21 March 2023
Please note this session starts at 11 AM EST / 16 CET

From “California the Beautiful”
to “Strange Menacing Beasts”:
Changing Perceptions of Southern California Nature in Two Houses by Thornton Abell

UC Santa Barbara

Respondent: Rebecca Carrai, KU Leuven

Thornton Abell, Abell House detail; Richard Fish, photographer, Abell, architect, Siskin House. Thornton M. Abell papers, Architecture and Design Collection. Art, Design & Architecture Museum; University of California, Santa Barbara

This paper addresses two Los Angeles houses and gardens designed by little-known architect Thornton Abell: Abell’s own house (1936-37) and the Marshall Siskin House (1961-66). The designs of Abell, an avid gardener and president of the Southern California Iris Society, throw new light on postwar Southern California modernism’s supposed integration of indoors and outdoors.
I argue that the Abell House “exteriorizes the interior” by bringing domestic activity onto terraces, sundecks, gardens, and screened porches. It thus foregrounds (a comprehensively designed version of) the outdoors. This design chimes with the late-19th and early-20th century notion of “California the Beautiful” where, based on the exclusion of Indigenous peoples and massive diversions of water, settlers lived an idealized bucolic life in tune with nature.
The Siskin House, on the other hand, “interiorizes the exterior,” domesticating the landscape as a decorative element that is viewed safely through glass walls. I suggest that this change is due to postwar American environmental anxiety about what György Kepes called the “strange menacing beasts” of atomic radiation, pollution, oil spills, sprawl, and urban protest, driven in large part by the Southern California defense industry.
Ironically, contemporary publications presented the Siskin House as an ecologically conscious design for clients who identified with the nascent environmental movement. But instead of a deeper engagement with nature, the Siskin House represents a defensive isolation from its surroundings. My analysis of Abell’s oeuvre thus suggests that postwar Southern California modernism’s promotion of indoor-outdoor living concealed a hardening of the line between inside and outside, house and nature: isolated homes for nuclear families in the atomic age.


Landscapes of Obsolescence:
Opportunities for Reimagining
The Relation between
Architecture and Nature

University of Liverpool and Xi’an Jiaotong-Liverpool University

Respondent: Claudia Nitsche, AA School of Architecture

Landscape is a concept resulting from a social and cultural construct, therefore everchanging and evolving depending on site specificity and historical time, but also boundless and diffused, which allows a new perception and interpretation of its significance. But landscape is also a discipline that has developed its techniques and tactics in the understanding of the elements of nature that structure how landscape produces space, but at the same time, everchanging and responsive unable to bind its practice to a specific set of consolidated formulas. On the contrary, the landscape is dynamic, divergent to disciplinary practices and actively performing to the environmental conditions of its territory.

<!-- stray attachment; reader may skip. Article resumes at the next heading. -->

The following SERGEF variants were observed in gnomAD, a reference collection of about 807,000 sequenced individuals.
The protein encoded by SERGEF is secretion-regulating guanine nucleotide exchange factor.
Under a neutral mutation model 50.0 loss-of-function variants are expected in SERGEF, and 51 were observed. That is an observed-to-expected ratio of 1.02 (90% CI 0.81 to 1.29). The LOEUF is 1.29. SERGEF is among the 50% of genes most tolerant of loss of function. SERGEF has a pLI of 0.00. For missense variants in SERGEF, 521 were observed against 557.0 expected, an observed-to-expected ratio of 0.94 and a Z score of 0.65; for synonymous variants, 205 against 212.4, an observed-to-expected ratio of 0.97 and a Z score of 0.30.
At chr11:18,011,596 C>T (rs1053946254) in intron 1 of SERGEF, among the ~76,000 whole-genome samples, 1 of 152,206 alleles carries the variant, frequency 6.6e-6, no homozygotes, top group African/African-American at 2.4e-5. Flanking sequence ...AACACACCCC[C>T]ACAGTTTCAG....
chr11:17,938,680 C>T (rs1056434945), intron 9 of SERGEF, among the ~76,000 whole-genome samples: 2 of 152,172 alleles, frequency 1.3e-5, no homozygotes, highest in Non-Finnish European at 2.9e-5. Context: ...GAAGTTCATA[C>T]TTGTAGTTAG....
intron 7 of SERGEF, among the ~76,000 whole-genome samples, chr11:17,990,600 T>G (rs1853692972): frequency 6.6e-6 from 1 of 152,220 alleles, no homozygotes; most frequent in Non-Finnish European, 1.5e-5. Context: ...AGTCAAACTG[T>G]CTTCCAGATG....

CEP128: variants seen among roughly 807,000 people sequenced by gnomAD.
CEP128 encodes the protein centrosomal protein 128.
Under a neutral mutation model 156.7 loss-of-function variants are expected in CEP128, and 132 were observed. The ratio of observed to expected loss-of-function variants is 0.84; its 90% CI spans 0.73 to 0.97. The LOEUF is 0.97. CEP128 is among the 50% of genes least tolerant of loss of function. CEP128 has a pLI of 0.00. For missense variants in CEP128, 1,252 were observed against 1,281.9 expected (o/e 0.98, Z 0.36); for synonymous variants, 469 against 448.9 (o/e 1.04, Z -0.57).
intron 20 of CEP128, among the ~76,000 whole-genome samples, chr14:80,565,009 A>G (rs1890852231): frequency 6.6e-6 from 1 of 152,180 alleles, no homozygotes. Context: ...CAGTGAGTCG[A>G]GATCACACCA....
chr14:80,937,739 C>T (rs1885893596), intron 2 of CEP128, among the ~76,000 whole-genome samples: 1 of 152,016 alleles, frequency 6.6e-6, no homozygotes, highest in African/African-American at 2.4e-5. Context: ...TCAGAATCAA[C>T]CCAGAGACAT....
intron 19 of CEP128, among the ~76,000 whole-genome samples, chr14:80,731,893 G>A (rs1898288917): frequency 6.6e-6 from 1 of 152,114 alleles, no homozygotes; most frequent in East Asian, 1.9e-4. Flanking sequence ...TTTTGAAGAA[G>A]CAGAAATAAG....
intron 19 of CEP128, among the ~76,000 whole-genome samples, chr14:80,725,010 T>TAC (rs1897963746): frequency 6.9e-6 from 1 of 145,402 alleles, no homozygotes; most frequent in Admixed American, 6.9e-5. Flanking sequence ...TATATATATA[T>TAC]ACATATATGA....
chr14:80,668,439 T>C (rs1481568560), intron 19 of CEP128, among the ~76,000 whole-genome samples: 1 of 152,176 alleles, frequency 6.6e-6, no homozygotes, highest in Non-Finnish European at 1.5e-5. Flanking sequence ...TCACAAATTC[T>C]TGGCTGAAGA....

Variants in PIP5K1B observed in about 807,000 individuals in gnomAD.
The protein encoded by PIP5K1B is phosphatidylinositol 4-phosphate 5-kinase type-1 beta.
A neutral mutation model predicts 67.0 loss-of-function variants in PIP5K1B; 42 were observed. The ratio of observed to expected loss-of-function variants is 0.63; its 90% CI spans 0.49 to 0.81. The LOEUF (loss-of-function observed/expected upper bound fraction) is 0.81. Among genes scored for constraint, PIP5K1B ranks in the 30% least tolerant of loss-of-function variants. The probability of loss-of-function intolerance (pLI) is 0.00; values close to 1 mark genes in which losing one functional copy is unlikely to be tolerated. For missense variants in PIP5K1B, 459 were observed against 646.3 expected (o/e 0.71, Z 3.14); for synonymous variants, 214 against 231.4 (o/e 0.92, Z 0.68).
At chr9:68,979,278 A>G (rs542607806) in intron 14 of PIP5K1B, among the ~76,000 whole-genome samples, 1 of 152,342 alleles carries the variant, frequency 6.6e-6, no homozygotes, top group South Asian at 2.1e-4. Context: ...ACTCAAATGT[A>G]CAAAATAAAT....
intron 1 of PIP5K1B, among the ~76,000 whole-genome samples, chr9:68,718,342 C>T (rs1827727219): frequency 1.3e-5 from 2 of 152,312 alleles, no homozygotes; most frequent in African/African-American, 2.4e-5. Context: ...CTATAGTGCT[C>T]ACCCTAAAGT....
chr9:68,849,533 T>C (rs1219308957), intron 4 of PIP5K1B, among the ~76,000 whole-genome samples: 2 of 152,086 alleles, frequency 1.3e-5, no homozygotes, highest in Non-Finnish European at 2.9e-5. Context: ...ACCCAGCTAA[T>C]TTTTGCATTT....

The conditions of change that our society, therefore our habitat, is inevitably leading the way to a new transition period that requires rethinking how space is used. Obsolete productive space is emerging everywhere; it goes beyond industrial obsolescence. Therefore, it is fundamental to define such spaces in which obsolesce acquires a meaning of possibility. Obsolete Productive Spaces defined as spaces no longer useful in their current state have historically been the protagonist of drastic redefinition of the relations between nature and architecture. These spaces are often undefined by physical borders and scalar definitions, but they have the capacity to be changed and transformed by innovative approaches that meet the ever-changing needs and requirements of contemporary cities.
The recent challenges our cities have and keep facing have forced us to reconsider the ‘normal’; a sanitary crisis as a pandemic has the power to require reconsiderations beyond the contingency. Pivotal historical points have demonstrated the opportunity for change and transformation they bring along a crisis and can be looked at as paradigmatic cases to study. In the current time, more than ever, the relationship between architecture and landscape needs to be addressed. Therefore, landscape principles offer essential insights to propose new ways of spatial organization and nurturing a more sustainable relationship between the built environment and the natural ecosystem.

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